Fund behind Fearless Girl statue settles unequal pay suit with $5m payout
New York — Defiantly facing off against Wall Street’s iconic Charging Bull, the popular bronze sculpture of a Fearless Girl was meant to symbolise the power of female leadership in the male-dominated world of high finance.
But the investment firm that commissioned the statue agreed on Thursday to a $5m payout to more than 300 female and black employees who were paid less than their white, male counterparts, according to an audit by the US Office of Federal Contract Compliance Programs (OFCCP).
According to a filing seen by AFP, the investigation found that the company "since at least December 1 2010" paid 305 women in senior roles such as senior vice-president, MD and vice-president positions less than similarly situated men, with similar discrimination against 15 black vice-presidents.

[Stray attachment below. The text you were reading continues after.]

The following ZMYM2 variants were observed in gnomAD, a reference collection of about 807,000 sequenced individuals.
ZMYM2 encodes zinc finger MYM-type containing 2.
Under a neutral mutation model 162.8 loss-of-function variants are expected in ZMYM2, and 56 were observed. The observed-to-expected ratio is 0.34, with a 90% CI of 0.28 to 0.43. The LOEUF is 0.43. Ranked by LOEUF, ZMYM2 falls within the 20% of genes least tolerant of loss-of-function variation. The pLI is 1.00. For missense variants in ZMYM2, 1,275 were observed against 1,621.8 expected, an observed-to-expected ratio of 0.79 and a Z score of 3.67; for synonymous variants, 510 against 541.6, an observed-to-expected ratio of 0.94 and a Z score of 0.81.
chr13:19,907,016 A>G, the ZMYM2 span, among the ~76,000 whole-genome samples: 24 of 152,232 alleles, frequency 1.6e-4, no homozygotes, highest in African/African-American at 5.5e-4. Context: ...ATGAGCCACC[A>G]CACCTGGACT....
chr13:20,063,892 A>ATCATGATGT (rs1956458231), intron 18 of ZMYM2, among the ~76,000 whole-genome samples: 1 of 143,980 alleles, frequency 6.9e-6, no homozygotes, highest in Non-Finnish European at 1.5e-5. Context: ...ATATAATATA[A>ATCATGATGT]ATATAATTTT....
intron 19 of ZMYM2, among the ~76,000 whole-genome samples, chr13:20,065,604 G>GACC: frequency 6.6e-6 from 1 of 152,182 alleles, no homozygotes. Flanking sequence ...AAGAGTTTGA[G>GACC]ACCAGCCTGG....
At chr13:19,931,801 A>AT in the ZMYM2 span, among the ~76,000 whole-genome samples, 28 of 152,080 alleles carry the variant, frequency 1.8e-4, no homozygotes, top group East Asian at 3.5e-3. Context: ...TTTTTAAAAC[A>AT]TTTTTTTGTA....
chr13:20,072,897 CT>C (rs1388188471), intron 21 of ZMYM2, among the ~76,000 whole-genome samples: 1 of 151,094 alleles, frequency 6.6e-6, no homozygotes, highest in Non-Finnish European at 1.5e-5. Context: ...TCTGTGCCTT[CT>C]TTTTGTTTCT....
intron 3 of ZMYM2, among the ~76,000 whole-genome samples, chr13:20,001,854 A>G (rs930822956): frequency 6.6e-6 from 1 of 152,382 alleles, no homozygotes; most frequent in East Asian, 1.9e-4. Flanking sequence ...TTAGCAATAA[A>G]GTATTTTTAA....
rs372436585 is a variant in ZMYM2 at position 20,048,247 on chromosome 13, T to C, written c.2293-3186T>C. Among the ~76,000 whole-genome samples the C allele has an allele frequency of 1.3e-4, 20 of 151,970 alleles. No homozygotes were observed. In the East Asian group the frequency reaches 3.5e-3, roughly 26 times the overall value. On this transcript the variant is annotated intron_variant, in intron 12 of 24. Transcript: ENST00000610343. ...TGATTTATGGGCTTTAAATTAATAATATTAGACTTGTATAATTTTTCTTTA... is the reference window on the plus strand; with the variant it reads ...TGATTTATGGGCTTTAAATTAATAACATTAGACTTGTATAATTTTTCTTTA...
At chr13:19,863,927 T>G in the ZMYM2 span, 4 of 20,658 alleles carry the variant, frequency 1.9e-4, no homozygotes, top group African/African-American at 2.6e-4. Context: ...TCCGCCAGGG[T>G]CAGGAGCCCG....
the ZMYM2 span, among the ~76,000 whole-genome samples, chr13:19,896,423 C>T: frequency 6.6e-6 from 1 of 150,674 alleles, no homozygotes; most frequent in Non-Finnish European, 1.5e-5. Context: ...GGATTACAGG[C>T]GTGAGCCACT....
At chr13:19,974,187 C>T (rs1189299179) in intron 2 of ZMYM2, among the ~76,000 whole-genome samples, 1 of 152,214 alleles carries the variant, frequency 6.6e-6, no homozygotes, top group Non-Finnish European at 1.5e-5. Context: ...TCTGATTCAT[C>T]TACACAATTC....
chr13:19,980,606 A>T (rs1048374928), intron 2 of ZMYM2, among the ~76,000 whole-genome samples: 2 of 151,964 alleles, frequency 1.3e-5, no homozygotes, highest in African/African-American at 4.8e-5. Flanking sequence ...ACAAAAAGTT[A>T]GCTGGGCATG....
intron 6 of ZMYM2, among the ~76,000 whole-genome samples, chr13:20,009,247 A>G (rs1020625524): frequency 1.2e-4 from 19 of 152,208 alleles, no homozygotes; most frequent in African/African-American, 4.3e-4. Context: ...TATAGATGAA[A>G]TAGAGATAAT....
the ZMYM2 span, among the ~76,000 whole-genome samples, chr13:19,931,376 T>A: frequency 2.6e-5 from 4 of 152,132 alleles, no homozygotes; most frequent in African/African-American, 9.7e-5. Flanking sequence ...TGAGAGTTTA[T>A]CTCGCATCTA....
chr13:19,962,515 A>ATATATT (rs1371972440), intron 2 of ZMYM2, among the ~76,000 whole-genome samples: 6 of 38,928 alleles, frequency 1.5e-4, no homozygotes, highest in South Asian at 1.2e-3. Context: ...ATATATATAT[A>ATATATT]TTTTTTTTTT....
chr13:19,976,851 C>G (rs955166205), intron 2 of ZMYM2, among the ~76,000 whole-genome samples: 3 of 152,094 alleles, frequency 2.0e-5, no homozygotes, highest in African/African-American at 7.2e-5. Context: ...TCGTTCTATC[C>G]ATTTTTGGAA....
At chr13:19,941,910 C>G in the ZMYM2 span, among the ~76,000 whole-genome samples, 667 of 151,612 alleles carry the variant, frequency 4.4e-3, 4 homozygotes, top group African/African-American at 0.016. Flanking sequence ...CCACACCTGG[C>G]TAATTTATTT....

State Street denied both allegations but agreed to the settlement nonetheless.
"State Street is committed to equal pay practices and evaluates on an ongoing basis our internal processes to be sure our compensation, hiring and promotions programmes are nondiscriminatory," the fund said in a statement.
"While we disagreed with the OFCCP’s analysis and findings, we have co-operated fully with them, and made a decision to bring this six-year-old matter to resolution and move forward."
Standing at just over four feet tall, the statue of a girl with her hands on her hips and chin jutting out created a stir when it was installed in March this year.
Created by US artist Kristen Visbal, the work became a defiant symbol of women’s rights under President Donald Trump, who won election last year despite the emergence of a video of him bragging about groping women.
"Know the power of women in leadership. SHE makes a difference," reads a plaque underneath it, referring to the fund’s Nasdaq ticker symbol.
But the Italian-American artist who created Charging Bull, which has stood south of Wall Street for nearly 30 years, alleged that Fearless Girl breached his copyright and distorted his artistic message, vowing to sue.
Erected initially for a week, New York mayor Bill de Blasio later announced it would remain in place until at least March next year.